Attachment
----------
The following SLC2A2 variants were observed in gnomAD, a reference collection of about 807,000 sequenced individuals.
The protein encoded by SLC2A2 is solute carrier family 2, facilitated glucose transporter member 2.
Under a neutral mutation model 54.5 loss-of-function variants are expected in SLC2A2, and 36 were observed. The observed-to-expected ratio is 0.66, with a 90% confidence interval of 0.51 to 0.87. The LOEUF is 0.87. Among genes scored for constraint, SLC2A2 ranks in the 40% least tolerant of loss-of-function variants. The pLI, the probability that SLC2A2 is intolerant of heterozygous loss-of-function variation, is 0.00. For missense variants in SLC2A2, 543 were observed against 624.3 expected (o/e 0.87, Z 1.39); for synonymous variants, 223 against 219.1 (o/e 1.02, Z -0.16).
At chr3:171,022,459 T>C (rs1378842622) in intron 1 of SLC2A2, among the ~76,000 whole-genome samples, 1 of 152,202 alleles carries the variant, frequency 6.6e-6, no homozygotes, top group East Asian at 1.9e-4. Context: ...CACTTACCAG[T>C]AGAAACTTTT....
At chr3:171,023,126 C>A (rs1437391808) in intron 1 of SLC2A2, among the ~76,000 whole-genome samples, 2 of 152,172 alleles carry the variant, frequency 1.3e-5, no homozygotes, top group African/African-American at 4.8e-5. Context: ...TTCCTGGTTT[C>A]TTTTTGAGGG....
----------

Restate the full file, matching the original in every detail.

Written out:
The following SLC2A2 variants were observed in gnomAD, a reference collection of about 807,000 sequenced individuals.
The protein encoded by SLC2A2 is solute carrier family 2, facilitated glucose transporter member 2.
Under a neutral mutation model 54.5 loss-of-function variants are expected in SLC2A2, and 36 were observed. The observed-to-expected ratio is 0.66, with a 90% confidence interval of 0.51 to 0.87. The LOEUF is 0.87. Among genes scored for constraint, SLC2A2 ranks in the 40% least tolerant of loss-of-function variants. The pLI, the probability that SLC2A2 is intolerant of heterozygous loss-of-function variation, is 0.00. For missense variants in SLC2A2, 543 were observed against 624.3 expected (o/e 0.87, Z 1.39); for synonymous variants, 223 against 219.1 (o/e 1.02, Z -0.16).
At chr3:171,022,459 T>C (rs1378842622) in intron 1 of SLC2A2, among the ~76,000 whole-genome samples, 1 of 152,202 alleles carries the variant, frequency 6.6e-6, no homozygotes, top group East Asian at 1.9e-4. Context: ...CACTTACCAG[T>C]AGAAACTTTT....
At chr3:171,023,126 C>A (rs1437391808) in intron 1 of SLC2A2, among the ~76,000 whole-genome samples, 2 of 152,172 alleles carry the variant, frequency 1.3e-5, no homozygotes, top group African/African-American at 4.8e-5. Context: ...TTCCTGGTTT[C>A]TTTTTGAGGG....